A Campus Training amidst the Navratri

Trained around 300 final year students from 6 graduation streams. We were a team of 3, preparing these job aspirants for employ-ability in a 10 day training program with assessments throughout.

It was the IHRD College of Applied Sciences in my city, so I was all the more curious to know the local student body. And the youth never cease to amaze.

The first day of the switch from polished corporate ways to raw campus learning was challenging. I quickly realized the energy level required is way higher. The placement officer was very dedicated, always ensuring the best interests of her students. On my side, I made sure all my sessions were peppered with practical examples and MTI nuggets.

We trained them on critical thinking, creativity, language and grooming. They were the batch that had received no real college experience due to COVID. We went about it in different ways, but made sure every person who attended had 2-3 rounds of speak-up experience in addition to everything else.

They smash all our assumptions. I had to constantly prepare and revamp my sessions, as they quickly ate up the material I had prepared and asked for more. They surprised me with their knowledge on current affairs and their willingness to speak up. Their hunger to achieve made for a refreshing change from the sophisticated corporate ways.

In corporate trainings, I believe in up-skill and not motivation. I rarely cross that line. Here that line cannot be drawn. Many of the feedback forms for me had words like “kind” “helpful” “Ma’am kept giving me chances till I gave up on withdrawing and got it right”. I was so invested I lost my voice every evening but made sure to get it back every next day morning.

On the final day, we changed avatars from trainers to HR. We grilled them. We were relentless about bringing the realities out there in today’s world to their table.

Added to my days of hectic preparation, delivery and assessments, my nights were filled with dancing. The Navratri in Calicut Gujarati Samaj is huge. Aarti at 8 pm, garba at 8.30 pm, dandiya at 11:15 pm. Amidst the huge bollywood styling of this festival elsewhere, we at Calicut still have the innocence and beauty of our elders standing right in the center of our hall, singing for us the ancient folk songs. We dance around them and around the garba sthapana right in the center. My husband being a Gujarati, and me being a happy soul when I dance, every night so far we were there from 8 pm-12 am. Three more days to go. We dance in the auditorium upstairs, we eat at the food stalls below and we socialize. We dress up to the skies.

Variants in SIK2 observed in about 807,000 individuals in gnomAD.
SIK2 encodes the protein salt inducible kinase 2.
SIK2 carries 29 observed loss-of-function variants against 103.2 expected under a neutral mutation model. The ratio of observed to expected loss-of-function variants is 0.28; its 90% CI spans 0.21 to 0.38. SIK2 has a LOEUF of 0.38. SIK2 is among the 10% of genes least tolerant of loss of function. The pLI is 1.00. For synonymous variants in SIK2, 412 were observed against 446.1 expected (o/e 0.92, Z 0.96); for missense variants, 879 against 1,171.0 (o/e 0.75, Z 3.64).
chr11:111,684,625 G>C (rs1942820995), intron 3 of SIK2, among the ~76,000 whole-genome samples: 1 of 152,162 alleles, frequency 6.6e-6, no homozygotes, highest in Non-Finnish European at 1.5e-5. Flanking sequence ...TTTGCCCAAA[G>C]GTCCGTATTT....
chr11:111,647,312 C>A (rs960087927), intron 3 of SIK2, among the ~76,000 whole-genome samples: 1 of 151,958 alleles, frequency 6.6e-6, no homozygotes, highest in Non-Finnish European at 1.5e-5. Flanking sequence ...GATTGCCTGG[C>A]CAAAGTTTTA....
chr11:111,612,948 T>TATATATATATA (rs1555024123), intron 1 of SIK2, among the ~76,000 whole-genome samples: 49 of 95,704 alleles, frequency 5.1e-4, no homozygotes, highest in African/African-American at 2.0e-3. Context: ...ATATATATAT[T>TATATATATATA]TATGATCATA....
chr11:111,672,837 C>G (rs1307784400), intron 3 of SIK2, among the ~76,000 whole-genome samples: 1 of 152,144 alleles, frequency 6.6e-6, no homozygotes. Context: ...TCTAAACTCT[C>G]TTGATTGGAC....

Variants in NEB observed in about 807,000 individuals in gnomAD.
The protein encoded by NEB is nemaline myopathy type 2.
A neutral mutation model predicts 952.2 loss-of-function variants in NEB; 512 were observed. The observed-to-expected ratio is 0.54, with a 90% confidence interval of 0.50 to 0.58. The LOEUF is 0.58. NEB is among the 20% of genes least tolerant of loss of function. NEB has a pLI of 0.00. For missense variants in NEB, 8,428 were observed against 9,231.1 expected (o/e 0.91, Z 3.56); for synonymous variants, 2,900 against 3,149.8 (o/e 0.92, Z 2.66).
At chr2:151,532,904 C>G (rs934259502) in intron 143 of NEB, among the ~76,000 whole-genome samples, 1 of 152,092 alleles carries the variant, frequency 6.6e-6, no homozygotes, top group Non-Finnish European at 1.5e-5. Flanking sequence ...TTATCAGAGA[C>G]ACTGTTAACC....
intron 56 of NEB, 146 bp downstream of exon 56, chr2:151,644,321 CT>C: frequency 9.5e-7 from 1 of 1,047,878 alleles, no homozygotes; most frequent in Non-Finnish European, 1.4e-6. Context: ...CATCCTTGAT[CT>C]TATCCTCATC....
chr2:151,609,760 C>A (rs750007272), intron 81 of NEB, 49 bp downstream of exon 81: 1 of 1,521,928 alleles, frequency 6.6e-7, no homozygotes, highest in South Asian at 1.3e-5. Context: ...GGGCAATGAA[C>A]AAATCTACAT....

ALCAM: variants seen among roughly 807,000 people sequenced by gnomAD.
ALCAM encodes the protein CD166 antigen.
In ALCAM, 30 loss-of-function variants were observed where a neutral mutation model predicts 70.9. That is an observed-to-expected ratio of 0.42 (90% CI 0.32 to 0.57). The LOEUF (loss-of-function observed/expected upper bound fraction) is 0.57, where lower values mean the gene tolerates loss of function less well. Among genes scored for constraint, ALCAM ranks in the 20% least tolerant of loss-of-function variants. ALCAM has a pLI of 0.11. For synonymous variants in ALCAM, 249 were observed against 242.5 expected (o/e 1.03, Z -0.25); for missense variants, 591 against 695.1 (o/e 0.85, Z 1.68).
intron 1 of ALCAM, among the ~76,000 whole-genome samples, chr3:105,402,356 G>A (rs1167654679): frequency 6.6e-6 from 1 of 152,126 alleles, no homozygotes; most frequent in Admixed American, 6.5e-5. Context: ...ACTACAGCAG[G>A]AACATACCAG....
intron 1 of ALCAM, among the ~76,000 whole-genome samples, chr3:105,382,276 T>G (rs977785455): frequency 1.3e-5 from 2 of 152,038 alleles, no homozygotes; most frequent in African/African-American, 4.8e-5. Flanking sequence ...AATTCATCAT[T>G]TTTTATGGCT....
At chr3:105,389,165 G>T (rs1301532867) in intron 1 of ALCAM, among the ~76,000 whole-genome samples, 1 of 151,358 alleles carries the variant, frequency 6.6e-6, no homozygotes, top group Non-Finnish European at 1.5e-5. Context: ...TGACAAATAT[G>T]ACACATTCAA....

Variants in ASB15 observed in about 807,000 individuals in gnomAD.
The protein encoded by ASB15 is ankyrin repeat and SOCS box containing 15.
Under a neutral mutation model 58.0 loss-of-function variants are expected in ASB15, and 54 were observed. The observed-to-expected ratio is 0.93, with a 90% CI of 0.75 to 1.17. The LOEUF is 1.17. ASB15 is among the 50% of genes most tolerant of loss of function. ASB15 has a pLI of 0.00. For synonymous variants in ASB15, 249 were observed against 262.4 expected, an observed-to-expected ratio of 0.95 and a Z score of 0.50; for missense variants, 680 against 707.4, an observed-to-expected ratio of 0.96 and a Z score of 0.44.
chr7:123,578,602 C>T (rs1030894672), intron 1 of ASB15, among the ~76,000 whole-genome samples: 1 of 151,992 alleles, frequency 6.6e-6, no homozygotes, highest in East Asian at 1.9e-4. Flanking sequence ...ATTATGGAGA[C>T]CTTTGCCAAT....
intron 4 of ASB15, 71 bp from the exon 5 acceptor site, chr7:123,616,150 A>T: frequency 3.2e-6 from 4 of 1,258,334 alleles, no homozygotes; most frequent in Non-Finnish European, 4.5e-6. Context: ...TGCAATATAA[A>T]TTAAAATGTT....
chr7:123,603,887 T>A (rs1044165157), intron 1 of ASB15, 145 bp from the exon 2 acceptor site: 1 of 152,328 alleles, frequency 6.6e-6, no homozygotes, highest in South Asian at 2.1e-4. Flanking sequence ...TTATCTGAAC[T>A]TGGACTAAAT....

Some days, when I was the only invigilator in a room full of 60 students cracking the aptitude assessments, my legs refused to go in straight lines. They were going criss-cross in the garba way. I would consciously look around and then stand still till my legs re-oriented.

To end this precious week, let me conclude with lessons I learn from Garba :

It is all about finding your place in the circle. Times when you lose it, keep planning, keep striving to be back.

The center circle is the fastest. To be there confidence matters more than dancing skills.

Pace yourself. Reserve energy for the songs that talk to your heart.

Its about taking up your space fully, without conceit, while not invading others space.

Sometimes, you step out into the unknown just because your friend needs a partner. Personal liberty matters, but not at the cost of your partner’s liberties.

Let your changing priorities, your changing energy and your changing surroundings guide you.

While it is all about enjoying yourselves, there is addendum to everything we do : preparing the next generation. Even when they annoy you by smashing into your neat circles with their clumsy moves.

Leave a Reply

Fill in your details below or click an icon to log in:

WordPress.com Logo

You are commenting using your WordPress.com account. Log Out /  Change )

Twitter picture

You are commenting using your Twitter account. Log Out /  Change )

Facebook photo

You are commenting using your Facebook account. Log Out /  Change )

Connecting to %s

This site uses Akismet to reduce spam. Learn how your comment data is processed.